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The Word For Life.

If we meet and you forget me, you have lost nothing:
but if you meet JESUS CHRIST and forget Him,
you have lost everything.

Worshiping with Questions
Posted:Jan 18, 2019 4:54 am
Last Updated:Jan 18, 2019 4:17 pm
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Bible in a Year:

Genesis 43–45; Matthew 12:24–50
I trust in your unfailing love; my heart rejoices in your salvation.

Psalm 13:5

Psalm 13:1-6
It’s not uncommon during a long (or short!) trip for someone in a group of travelers to ask, “Are we there yet?” or “How much longer?” Who hasn’t heard these universal queries coming from the lips of children and adults eager to arrive at their destination? But people of all ages are also prone to ask similar questions when wearied because of life challenges that never seem to cease.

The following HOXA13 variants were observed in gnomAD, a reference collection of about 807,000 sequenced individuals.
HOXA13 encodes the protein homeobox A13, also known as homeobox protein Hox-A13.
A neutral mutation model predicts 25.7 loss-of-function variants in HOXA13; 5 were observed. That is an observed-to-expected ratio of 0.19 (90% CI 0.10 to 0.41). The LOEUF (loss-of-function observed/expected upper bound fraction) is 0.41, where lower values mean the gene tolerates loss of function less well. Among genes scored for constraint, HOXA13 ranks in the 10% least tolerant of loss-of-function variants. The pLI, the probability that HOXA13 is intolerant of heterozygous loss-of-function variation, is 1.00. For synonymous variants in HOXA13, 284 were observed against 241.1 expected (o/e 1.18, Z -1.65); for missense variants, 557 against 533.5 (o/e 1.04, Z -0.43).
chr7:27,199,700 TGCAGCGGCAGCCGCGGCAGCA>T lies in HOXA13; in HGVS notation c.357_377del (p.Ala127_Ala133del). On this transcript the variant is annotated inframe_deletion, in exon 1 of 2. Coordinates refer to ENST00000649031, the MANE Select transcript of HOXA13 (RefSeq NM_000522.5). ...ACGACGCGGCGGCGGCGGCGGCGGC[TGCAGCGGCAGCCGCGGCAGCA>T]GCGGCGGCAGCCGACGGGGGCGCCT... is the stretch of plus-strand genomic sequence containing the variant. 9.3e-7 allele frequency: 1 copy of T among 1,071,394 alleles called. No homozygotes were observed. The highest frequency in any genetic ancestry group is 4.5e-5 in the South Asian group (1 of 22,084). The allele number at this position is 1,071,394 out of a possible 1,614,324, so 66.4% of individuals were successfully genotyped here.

Such was the case with David in Psalm 13. Four times in two verses (vv. 1–2), David—who felt forgotten, forsaken, and defeated—lamented “How long?” In verse two, he asks, “How long must I wrestle with my thoughts?” Psalms that include lament, like this one, implicitly give us permission to worshipfully come to the Lord with questions of our own. After all, what better person to talk to during prolonged times of stress and strain than God? We can bring our struggles with illness, grief, the waywardness of a loved one, and relational difficulties to Him.

Worship need not stop when we have questions. The sovereign God of heaven welcomes us to bring our worry-filled questions to Him. And perhaps, like David, in due time our questions will be transformed into petitions and expressions of trust and praise to the Lord (vv. 3–6).

Today's Reflection
Lord, thank You that I don’t have to stop worshiping when I have questions; I can worship You with my questions.
2 Comments
What Can’t You Give Up?
Posted:Jan 17, 2019 3:49 am
Last Updated:Jan 17, 2019 4:29 pm
150 Views
Genesis 41–42; Matthew 12:1–23
[Nothing] will be able to separate us from the love of God.

Romans 8:39

Hosea 11:8-11